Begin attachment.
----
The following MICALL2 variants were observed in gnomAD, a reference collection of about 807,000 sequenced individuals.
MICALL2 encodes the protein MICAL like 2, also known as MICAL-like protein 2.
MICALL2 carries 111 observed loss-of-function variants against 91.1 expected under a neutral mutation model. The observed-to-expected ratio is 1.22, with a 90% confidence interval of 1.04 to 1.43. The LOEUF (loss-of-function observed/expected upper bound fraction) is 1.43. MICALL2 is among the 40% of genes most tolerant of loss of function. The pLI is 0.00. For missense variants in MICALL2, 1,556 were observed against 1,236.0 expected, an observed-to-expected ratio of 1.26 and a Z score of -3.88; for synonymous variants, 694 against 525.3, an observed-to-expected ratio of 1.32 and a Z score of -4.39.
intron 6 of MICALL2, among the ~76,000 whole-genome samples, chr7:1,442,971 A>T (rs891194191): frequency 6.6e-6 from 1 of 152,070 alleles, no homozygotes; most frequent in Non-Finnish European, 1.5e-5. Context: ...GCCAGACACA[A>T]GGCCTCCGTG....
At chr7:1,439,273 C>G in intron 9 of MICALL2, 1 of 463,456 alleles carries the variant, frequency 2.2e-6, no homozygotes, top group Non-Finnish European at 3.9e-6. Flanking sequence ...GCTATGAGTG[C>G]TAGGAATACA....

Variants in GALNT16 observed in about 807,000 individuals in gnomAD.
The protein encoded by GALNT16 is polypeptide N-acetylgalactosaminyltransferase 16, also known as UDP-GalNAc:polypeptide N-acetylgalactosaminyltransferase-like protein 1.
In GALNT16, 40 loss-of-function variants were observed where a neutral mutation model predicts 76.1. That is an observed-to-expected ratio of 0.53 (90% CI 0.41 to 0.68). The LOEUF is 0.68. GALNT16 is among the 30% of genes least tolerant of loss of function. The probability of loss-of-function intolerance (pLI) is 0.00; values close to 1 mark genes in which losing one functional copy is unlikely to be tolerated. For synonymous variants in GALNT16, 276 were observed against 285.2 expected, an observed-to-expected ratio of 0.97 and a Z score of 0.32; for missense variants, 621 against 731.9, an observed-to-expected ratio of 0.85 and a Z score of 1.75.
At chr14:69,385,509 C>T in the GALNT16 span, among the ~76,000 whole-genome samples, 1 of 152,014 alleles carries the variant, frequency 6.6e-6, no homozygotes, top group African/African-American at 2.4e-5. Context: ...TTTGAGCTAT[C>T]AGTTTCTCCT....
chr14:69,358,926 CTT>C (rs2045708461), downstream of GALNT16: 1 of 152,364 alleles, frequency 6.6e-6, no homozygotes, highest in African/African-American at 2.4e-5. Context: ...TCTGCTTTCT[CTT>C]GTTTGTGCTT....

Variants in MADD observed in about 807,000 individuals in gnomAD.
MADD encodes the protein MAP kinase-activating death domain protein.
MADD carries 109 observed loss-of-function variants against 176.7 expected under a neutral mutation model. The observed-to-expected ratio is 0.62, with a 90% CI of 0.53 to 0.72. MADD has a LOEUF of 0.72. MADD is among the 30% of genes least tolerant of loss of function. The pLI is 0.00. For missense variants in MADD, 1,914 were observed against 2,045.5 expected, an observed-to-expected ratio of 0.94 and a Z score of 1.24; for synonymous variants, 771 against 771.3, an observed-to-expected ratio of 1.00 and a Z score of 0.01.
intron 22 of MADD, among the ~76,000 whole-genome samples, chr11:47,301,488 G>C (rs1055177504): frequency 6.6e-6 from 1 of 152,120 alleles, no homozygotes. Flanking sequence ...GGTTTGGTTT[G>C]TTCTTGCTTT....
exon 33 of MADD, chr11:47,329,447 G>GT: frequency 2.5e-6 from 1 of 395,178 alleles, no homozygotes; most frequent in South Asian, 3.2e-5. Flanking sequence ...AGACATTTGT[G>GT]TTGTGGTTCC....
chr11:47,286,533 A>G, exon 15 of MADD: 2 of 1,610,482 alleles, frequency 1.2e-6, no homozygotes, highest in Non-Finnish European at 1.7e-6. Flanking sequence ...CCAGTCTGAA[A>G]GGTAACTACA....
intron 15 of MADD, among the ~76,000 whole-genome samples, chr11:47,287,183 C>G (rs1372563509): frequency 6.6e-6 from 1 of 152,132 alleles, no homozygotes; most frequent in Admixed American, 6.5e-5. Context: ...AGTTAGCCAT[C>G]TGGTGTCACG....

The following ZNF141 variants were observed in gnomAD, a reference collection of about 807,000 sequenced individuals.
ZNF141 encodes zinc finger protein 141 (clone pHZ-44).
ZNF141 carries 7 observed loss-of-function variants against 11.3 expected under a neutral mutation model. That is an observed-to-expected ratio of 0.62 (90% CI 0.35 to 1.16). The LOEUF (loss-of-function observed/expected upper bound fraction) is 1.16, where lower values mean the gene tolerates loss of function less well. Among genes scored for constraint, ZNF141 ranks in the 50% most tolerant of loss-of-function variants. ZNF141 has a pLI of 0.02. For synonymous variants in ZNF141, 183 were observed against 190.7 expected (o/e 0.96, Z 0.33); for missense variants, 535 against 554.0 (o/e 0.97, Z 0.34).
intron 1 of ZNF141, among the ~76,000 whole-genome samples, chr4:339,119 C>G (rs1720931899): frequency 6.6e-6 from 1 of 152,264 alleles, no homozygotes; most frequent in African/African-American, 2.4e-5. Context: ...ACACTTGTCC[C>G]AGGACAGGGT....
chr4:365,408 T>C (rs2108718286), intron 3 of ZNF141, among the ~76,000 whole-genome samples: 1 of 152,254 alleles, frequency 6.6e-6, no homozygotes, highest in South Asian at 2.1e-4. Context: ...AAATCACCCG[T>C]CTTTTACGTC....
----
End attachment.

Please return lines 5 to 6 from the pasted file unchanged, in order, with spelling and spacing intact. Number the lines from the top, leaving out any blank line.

At chr7:1,439,273 C>G in intron 9 of MICALL2, 1 of 463,456 alleles carries the variant, frequency 2.2e-6, no homozygotes, top group Non-Finnish European at 3.9e-6. Flanking sequence ...GCTATGAGTG[C>G]TAGGAATACA....

Variants in GALNT16 observed in about 807,000 individuals in gnomAD.